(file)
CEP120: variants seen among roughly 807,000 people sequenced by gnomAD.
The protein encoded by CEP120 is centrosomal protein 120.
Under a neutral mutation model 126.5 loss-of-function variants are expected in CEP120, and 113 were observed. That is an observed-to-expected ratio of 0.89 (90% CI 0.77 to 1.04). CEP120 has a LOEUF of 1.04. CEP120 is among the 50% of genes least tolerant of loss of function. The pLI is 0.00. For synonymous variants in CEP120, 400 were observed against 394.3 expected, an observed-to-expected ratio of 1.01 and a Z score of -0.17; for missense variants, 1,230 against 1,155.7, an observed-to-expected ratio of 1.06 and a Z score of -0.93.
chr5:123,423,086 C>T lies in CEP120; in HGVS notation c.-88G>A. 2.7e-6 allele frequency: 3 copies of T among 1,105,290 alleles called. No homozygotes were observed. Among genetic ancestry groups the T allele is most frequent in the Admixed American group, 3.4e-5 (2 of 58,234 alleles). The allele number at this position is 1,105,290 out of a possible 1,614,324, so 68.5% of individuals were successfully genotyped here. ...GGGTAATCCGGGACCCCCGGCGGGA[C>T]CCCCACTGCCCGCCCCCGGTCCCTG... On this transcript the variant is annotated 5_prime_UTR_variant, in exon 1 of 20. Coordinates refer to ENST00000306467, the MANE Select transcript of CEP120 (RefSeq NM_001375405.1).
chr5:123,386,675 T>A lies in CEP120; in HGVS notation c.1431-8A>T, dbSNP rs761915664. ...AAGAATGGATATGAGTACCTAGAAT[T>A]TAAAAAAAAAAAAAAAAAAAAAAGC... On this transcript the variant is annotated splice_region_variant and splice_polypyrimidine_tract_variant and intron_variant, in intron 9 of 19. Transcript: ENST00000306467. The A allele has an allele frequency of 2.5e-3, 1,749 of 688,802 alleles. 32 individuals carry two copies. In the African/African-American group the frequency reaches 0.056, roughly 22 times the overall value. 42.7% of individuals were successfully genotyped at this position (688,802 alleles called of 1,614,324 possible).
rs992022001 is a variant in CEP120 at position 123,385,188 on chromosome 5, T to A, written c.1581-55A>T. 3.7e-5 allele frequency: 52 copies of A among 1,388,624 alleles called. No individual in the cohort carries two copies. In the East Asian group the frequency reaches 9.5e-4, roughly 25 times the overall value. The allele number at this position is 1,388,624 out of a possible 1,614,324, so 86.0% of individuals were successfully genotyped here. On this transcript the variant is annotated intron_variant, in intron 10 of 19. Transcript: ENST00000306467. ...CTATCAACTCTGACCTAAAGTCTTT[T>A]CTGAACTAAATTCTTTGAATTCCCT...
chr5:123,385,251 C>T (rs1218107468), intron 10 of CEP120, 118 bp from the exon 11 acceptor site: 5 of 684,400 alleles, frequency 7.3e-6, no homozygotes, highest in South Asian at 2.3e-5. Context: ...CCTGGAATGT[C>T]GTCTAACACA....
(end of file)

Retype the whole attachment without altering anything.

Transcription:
CEP120: variants seen among roughly 807,000 people sequenced by gnomAD.
The protein encoded by CEP120 is centrosomal protein 120.
Under a neutral mutation model 126.5 loss-of-function variants are expected in CEP120, and 113 were observed. That is an observed-to-expected ratio of 0.89 (90% CI 0.77 to 1.04). CEP120 has a LOEUF of 1.04. CEP120 is among the 50% of genes least tolerant of loss of function. The pLI is 0.00. For synonymous variants in CEP120, 400 were observed against 394.3 expected, an observed-to-expected ratio of 1.01 and a Z score of -0.17; for missense variants, 1,230 against 1,155.7, an observed-to-expected ratio of 1.06 and a Z score of -0.93.
chr5:123,423,086 C>T lies in CEP120; in HGVS notation c.-88G>A. 2.7e-6 allele frequency: 3 copies of T among 1,105,290 alleles called. No homozygotes were observed. Among genetic ancestry groups the T allele is most frequent in the Admixed American group, 3.4e-5 (2 of 58,234 alleles). The allele number at this position is 1,105,290 out of a possible 1,614,324, so 68.5% of individuals were successfully genotyped here. ...GGGTAATCCGGGACCCCCGGCGGGA[C>T]CCCCACTGCCCGCCCCCGGTCCCTG... On this transcript the variant is annotated 5_prime_UTR_variant, in exon 1 of 20. Coordinates refer to ENST00000306467, the MANE Select transcript of CEP120 (RefSeq NM_001375405.1).
chr5:123,386,675 T>A lies in CEP120; in HGVS notation c.1431-8A>T, dbSNP rs761915664. ...AAGAATGGATATGAGTACCTAGAAT[T>A]TAAAAAAAAAAAAAAAAAAAAAAGC... On this transcript the variant is annotated splice_region_variant and splice_polypyrimidine_tract_variant and intron_variant, in intron 9 of 19. Transcript: ENST00000306467. The A allele has an allele frequency of 2.5e-3, 1,749 of 688,802 alleles. 32 individuals carry two copies. In the African/African-American group the frequency reaches 0.056, roughly 22 times the overall value. 42.7% of individuals were successfully genotyped at this position (688,802 alleles called of 1,614,324 possible).
rs992022001 is a variant in CEP120 at position 123,385,188 on chromosome 5, T to A, written c.1581-55A>T. 3.7e-5 allele frequency: 52 copies of A among 1,388,624 alleles called. No individual in the cohort carries two copies. In the East Asian group the frequency reaches 9.5e-4, roughly 25 times the overall value. The allele number at this position is 1,388,624 out of a possible 1,614,324, so 86.0% of individuals were successfully genotyped here. On this transcript the variant is annotated intron_variant, in intron 10 of 19. Transcript: ENST00000306467. ...CTATCAACTCTGACCTAAAGTCTTT[T>A]CTGAACTAAATTCTTTGAATTCCCT...
chr5:123,385,251 C>T (rs1218107468), intron 10 of CEP120, 118 bp from the exon 11 acceptor site: 5 of 684,400 alleles, frequency 7.3e-6, no homozygotes, highest in South Asian at 2.3e-5. Context: ...CCTGGAATGT[C>T]GTCTAACACA....